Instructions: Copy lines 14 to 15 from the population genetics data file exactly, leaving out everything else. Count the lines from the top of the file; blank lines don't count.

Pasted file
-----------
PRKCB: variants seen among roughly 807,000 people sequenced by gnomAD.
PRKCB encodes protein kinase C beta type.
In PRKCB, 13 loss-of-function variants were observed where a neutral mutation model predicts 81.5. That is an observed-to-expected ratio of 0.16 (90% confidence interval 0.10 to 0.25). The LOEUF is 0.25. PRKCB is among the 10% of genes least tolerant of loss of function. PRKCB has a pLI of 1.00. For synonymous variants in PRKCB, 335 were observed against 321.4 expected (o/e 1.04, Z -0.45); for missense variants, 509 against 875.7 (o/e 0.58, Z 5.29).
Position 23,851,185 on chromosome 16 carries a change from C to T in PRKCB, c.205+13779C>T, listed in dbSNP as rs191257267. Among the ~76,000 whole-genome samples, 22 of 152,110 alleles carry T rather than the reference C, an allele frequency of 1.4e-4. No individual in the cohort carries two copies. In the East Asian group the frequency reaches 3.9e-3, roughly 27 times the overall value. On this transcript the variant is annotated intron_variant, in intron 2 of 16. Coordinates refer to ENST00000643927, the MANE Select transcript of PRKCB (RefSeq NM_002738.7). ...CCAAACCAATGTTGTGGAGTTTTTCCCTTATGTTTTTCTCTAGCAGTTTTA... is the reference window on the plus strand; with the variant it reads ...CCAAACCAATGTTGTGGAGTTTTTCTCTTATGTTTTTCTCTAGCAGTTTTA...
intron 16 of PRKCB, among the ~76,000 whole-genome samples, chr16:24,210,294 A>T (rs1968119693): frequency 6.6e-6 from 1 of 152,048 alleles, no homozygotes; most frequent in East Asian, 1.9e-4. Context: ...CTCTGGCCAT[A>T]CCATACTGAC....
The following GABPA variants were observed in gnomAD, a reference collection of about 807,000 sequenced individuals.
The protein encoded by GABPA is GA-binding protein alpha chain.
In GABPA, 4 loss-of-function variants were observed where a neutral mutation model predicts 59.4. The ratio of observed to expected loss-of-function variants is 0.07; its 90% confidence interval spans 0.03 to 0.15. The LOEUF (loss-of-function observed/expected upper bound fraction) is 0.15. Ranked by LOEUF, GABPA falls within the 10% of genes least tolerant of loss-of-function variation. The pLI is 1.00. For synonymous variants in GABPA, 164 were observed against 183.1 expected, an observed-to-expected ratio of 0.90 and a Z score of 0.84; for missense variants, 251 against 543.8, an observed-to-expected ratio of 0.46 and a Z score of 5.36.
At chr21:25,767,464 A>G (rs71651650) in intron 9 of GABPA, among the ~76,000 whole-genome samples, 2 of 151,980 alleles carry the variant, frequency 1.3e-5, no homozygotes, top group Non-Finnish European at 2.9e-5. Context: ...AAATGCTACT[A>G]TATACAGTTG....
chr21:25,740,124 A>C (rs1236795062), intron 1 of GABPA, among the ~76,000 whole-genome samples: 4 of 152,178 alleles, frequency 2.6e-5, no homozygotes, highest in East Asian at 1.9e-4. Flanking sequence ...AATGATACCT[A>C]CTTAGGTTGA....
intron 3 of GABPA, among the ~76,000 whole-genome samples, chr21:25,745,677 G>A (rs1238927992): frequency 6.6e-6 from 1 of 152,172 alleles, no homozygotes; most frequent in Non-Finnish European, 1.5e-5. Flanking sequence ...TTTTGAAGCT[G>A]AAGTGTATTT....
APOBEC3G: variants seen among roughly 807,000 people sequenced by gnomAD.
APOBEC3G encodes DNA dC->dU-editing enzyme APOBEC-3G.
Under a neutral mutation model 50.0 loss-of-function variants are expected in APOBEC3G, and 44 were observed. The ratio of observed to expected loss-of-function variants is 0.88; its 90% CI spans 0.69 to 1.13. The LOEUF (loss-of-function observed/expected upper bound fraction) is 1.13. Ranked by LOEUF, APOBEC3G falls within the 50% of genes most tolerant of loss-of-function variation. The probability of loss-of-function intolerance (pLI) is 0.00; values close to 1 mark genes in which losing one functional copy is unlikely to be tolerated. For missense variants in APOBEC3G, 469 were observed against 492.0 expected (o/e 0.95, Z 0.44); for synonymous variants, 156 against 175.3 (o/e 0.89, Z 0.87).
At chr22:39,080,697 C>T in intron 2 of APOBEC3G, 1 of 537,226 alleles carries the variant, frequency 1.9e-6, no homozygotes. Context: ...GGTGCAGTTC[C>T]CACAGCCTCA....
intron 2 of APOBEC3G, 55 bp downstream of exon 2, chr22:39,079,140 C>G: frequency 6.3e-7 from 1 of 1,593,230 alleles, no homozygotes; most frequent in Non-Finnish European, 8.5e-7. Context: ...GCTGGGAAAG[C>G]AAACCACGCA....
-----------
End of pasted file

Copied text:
Under a neutral mutation model 50.0 loss-of-function variants are expected in APOBEC3G, and 44 were observed. The ratio of observed to expected loss-of-function variants is 0.88; its 90% CI spans 0.69 to 1.13. The LOEUF (loss-of-function observed/expected upper bound fraction) is 1.13. Ranked by LOEUF, APOBEC3G falls within the 50% of genes most tolerant of loss-of-function variation. The probability of loss-of-function intolerance (pLI) is 0.00; values close to 1 mark genes in which losing one functional copy is unlikely to be tolerated. For missense variants in APOBEC3G, 469 were observed against 492.0 expected (o/e 0.95, Z 0.44); for synonymous variants, 156 against 175.3 (o/e 0.89, Z 0.87).
At chr22:39,080,697 C>T in intron 2 of APOBEC3G, 1 of 537,226 alleles carries the variant, frequency 1.9e-6, no homozygotes. Context: ...GGTGCAGTTC[C>T]CACAGCCTCA....